My final hours of SXSW were spent at the Columbus Discount Records showcase—the first night when commitments to cover Columbus pretty much killed my chances of seeing other stuff. No big deal, though—CDR put on a great show, albeit in a very strange place. The showcase took place on the open-air second level of the Light Bar, a mainstream dance club and concert venue a couple blocks from 6th Street. Imagine a bunch of art-punk bands moving their show from Bourbon Street to the roof of Spice Bar, and you’re getting there**. Adding to the weirdness was the severely elevated stage, surrounded by a tall metal guardrail to (presumably) prevent rockers from falling off. (Or maybe to quell stage divers? Somehow I don’t picture the average show up there inspiring such behavior, despite the good sound system.) With music that might as well have been Sunny 95 piped in between sets, some of the noisiest bands in Columbus plied their wares.
Terribly Empty Pockets, a band could hardly be described as noisy, went first, though. The Pockets had a rough SXSW. Singer Josh Holt spent the week battling a double ear infection, and keyboardist Justin Riley had to skip the showcase because he had booked his honeymoon for the date months ago. Surprisingly, the Pockets beat back their bad luck and played a wonderful set of their trademark quirky pop. Riley’s keyboard parts were missed, but a new listener wouldn’t have noticed. And Holt didn’t seem sick at all, cracking wise between songs and singing with as much idiosyncrasy as ever.
Next up was the best set I’ve ever seen from Night of Pleasure. The raunchy punk act has never really flipped my wig, but since they got a new drummer and a few blistering new songs, they’ve stepped up several notches. Before, they had the raw power, but now that it’s paired with other assets, it seems a lot more potent. Also, the band’s debut 7-inch is stellar.
At this point, I ran across town to see noise-rock bludgeoners Rusted Shut. You can see why fellow noise bludgeoners Sword Heaven swear by these guys. Harrowing and merciless, their set was quite an experience.
Sprinted back to Light Bar to see Necropolis put on a standard Necropolis set: fast, frantic, zany, strong and of course gritty. I’ve written so much about this band, but suffice it to say this set did not disappoint.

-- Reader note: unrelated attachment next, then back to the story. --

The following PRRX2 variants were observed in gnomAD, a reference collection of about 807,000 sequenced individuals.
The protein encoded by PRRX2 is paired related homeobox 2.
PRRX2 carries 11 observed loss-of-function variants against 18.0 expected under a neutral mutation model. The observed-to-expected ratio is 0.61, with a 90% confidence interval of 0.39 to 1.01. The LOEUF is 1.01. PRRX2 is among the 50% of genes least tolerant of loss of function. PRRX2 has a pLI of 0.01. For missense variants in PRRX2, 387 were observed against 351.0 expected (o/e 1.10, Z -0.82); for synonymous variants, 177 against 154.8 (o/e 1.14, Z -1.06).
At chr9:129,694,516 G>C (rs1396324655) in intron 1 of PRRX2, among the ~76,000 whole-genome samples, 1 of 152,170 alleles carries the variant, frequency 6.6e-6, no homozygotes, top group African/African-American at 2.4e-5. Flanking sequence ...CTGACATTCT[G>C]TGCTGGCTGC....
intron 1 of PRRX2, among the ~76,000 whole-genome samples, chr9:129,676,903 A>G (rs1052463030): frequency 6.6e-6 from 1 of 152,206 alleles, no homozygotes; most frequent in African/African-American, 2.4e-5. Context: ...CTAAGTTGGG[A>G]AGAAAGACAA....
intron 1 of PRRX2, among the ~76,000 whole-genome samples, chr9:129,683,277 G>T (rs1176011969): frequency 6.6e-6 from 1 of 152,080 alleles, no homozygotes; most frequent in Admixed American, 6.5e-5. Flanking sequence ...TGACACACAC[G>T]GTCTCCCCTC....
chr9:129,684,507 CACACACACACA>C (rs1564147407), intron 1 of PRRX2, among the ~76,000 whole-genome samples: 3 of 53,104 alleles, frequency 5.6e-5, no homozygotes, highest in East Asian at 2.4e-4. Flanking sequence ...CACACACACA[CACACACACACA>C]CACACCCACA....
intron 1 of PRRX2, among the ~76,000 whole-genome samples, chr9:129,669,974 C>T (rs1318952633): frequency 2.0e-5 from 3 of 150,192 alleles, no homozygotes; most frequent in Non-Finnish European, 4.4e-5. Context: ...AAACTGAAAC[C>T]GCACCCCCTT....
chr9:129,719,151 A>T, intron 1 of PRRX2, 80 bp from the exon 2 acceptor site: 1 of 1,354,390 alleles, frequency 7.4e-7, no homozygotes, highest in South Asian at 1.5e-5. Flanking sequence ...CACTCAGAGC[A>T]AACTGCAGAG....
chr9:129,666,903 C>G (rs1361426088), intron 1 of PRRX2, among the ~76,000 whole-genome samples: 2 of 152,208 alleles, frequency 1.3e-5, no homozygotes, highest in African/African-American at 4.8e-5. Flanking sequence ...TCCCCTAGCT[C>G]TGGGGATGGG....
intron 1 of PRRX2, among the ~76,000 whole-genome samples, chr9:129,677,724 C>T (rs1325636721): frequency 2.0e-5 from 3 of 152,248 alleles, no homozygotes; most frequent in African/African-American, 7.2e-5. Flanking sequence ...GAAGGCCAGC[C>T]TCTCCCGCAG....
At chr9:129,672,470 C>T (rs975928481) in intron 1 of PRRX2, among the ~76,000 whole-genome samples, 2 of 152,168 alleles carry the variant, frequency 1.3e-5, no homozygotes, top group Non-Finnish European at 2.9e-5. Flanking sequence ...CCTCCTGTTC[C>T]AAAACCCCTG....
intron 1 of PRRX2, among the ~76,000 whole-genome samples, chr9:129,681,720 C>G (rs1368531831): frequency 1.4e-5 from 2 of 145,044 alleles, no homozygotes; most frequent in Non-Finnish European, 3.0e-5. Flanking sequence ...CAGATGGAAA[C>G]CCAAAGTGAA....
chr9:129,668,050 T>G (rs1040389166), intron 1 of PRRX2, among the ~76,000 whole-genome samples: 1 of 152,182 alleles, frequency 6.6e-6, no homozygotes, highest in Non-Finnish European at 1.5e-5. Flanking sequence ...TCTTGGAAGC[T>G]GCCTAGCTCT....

I hadn’t seen El Jesus de Magico since last fall, and I was pleased with what I witnessed this time around. The band’s flirtation with melody continues to yield captivating results as they explore the dark corners of psychedelia. And singer Jon Witzky, who always seems to be in the midst of a bleary-eyed hallucination on stage, wisely lets the songs breathe through instrumental passages, even if it leaves him without anything to do sometimes besides get swept up in the music. Their sleazy squall has never sounded better.
Last up was Grafton. The veteran garage rockers, who recently added Sun frontman Chris Burney on bass, were as rock solid as ever. There’s a reason legions of Café Bourbon Street revelers hold this band in the highest regard. When it comes to straight up rocking, few can match Grafton’s fury.
*Note: Blandcore is closely related to, but not synonymous with, Braff Rock. Some Braff Rock is too wimpy to qualify as blandcore. However, in a Venn diagram, blandcore might exist entirely within the sphere of Braff rock. So, much like a square is always a rectangle but a rectangle might not be a square, we might say that blandcore is always Braff Rock but Braff Rock might not be blandcore.
**Note: The last time I remember such a clash between venue and performers was when the Sun, Times New Viking and the Feelers played at Scarlet and Grey Café, but they set that show up to be purposefully weird.